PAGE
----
This was originally published on Monday, February 20, 2017, in the Pacific Daily News. Click here to subscribe to the PDN.
Finances are difficult for some adults. Many have learned the hard way that messing up their finances can create a dire situation. Giving kids the financial tools they need prior to heading out on their own is an important role of a parent.
You can help them discover the difference between earning, spending and saving. Children will also learn the value of money. Introducing them to finances at an early age gives them a head start to a healthy financial future.
No matter what age, here are a few important lessons to teach your children about personal finances:
- Money does not grow on trees. There’s not an endless supply. There are limits to how much money you have. Many kids see adults swipe a card and see money comes out of and ATM. Instill in them that whether it is a credit card or debit card, it is tied to real money, even though they do not see it. By setting up a savings account, they see for themselves first-hand how the concept works.
- Money is earned. Whether it is a plastic card or money in hand, many kids don’t understand the effort it takes to make money. Of course they see mom and dad heading off to work. But do they know how hard you work? By giving kids the opportunity to earn their own money, they can get a better appreciation for you and learn the value of money. This teaches a work ethic and makes them more invested in the choices they make.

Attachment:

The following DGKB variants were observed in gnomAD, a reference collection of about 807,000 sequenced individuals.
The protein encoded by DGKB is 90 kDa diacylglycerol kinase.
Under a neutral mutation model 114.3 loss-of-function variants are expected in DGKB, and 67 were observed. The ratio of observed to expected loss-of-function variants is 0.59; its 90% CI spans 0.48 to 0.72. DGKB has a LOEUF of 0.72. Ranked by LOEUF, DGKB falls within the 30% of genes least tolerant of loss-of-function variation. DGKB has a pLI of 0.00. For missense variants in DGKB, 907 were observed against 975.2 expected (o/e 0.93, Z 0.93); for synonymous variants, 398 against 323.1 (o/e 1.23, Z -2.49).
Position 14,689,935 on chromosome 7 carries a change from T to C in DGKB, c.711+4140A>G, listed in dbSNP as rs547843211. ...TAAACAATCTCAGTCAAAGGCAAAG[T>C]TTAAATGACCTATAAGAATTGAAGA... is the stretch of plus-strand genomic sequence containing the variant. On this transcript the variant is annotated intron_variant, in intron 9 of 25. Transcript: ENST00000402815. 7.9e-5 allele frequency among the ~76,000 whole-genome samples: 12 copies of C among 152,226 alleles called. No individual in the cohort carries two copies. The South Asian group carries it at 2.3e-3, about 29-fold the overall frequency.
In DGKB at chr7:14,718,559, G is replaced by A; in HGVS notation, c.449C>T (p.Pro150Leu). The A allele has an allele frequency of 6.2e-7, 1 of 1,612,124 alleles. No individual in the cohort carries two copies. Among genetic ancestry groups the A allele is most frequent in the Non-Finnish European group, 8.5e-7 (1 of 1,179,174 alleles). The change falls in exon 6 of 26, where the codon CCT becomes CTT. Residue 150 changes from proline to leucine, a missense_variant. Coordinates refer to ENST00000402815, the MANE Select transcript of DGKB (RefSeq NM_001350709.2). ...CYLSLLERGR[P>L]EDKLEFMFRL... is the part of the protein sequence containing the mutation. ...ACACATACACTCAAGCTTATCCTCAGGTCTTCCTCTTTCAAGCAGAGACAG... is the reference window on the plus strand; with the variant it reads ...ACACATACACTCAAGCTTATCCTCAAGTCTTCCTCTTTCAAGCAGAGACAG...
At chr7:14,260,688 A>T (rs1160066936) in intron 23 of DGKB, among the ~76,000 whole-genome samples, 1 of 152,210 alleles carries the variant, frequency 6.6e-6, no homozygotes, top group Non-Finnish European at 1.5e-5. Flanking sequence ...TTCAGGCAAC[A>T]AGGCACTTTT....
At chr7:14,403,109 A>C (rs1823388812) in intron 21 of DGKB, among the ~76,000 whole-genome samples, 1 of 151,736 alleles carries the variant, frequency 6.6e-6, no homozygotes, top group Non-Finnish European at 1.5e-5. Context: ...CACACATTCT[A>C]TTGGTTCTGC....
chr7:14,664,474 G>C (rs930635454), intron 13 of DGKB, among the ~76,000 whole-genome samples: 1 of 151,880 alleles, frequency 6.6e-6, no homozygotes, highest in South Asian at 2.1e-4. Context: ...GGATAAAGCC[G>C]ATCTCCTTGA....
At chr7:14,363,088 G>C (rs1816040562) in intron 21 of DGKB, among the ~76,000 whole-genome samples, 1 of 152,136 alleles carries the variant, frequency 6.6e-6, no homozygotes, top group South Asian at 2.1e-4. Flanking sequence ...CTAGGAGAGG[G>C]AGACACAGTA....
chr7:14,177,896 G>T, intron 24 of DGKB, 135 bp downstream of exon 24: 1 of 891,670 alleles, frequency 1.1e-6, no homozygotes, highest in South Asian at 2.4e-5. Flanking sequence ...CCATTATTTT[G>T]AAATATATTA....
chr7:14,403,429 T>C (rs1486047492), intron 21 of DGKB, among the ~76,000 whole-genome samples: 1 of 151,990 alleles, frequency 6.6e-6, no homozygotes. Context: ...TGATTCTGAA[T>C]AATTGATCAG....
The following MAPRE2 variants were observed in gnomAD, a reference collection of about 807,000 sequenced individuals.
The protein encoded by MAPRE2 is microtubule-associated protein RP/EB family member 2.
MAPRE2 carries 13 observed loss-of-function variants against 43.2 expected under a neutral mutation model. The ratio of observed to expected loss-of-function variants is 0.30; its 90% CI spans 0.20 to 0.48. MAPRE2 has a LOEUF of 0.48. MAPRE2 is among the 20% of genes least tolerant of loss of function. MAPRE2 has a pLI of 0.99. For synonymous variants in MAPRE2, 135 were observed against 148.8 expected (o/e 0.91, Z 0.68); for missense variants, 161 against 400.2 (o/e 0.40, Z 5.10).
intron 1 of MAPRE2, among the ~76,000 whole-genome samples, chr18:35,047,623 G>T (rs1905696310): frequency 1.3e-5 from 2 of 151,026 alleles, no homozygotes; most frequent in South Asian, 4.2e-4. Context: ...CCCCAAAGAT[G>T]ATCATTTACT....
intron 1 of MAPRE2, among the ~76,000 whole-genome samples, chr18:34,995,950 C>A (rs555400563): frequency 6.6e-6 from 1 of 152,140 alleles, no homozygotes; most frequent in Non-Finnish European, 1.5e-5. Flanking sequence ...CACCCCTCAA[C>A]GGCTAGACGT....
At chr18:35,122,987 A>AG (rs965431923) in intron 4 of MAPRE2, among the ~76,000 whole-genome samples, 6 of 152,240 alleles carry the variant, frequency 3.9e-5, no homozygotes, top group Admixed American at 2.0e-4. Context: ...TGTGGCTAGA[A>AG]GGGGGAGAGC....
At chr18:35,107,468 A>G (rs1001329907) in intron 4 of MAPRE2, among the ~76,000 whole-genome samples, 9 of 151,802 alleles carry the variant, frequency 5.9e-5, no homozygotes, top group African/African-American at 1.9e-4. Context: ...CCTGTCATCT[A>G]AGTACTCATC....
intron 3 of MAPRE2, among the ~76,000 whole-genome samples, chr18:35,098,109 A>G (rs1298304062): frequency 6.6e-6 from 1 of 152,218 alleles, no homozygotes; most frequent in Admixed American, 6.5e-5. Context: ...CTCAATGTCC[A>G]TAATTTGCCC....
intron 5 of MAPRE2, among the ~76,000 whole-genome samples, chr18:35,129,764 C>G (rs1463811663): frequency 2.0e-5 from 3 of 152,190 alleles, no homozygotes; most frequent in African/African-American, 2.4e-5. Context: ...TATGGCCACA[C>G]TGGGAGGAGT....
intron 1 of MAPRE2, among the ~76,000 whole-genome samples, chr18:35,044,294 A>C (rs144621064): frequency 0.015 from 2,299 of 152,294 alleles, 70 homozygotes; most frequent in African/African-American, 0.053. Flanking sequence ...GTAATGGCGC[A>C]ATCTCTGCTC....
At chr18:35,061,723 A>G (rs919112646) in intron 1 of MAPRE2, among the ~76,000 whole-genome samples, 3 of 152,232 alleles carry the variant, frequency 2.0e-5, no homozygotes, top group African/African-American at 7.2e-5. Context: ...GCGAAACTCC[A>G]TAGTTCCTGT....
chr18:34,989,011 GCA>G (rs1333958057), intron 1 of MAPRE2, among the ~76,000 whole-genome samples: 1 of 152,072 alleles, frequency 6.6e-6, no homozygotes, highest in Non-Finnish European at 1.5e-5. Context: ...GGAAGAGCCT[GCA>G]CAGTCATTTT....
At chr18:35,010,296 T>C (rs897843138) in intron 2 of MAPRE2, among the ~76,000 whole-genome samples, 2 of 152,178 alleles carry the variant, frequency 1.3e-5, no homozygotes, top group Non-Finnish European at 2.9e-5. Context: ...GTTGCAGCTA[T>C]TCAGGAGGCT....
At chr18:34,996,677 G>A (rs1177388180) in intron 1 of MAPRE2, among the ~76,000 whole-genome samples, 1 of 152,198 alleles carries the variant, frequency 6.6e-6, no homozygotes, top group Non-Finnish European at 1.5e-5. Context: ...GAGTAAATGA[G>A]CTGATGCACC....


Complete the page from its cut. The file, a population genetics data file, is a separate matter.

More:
- If you want it, save for it. Video games and other electronics that most kids fancy these days can cost a lot. Giving into every request for a toy doesn’t teach kids how real life works. Teach them the idea of saving their money for things they want. If it is worth having, it is worth saving money. This is a very valuable lesson about how we get the things we want in life.
- Making choices. Spending for something now means not being able to afford something later. Help them think about their goals and aid them in making the right choices. Most adults face severe consequences when they make the wrong financial choices. You can help them learn this lesson early in life, at a time when making the wrong spending decisions does not affect them as much.
- Credit and investing. Irresponsible credit usage is a cycle that is hard to break. Many use credit to pay off other credit and around and around it goes. As kids get older, you can teach them about renting a house versus owning a house. Teach them about investing in the stock market. Talk about compound interest and how it applies to credit and investing.
- Rainy day savings. Start them from a young age with the idea that putting money away for an emergency is a necessity. If they learn this habit as a child, they will most likely continue it as an adult. Having an emergency fund will reduce the likelihood of taking on more debt.
- A good lesson every child should learn is giving. Giving a little money to a worthy cause can go a long way. It builds self-esteem and self-worth. Understanding that they are part of something bigger and looking outward will help them become productive citizens.
Michael Camacho is president and chief executive officer of Personal Finance Center. He has more than 20 years of experience in retail banking and at financial institutions in Guam and Hawaii. If there is a topic you’d like Michael to cover, please email him at firstname.lastname@example.org and read past columns at the Money Matters blog at www.moneymattersguam.wordpress.com.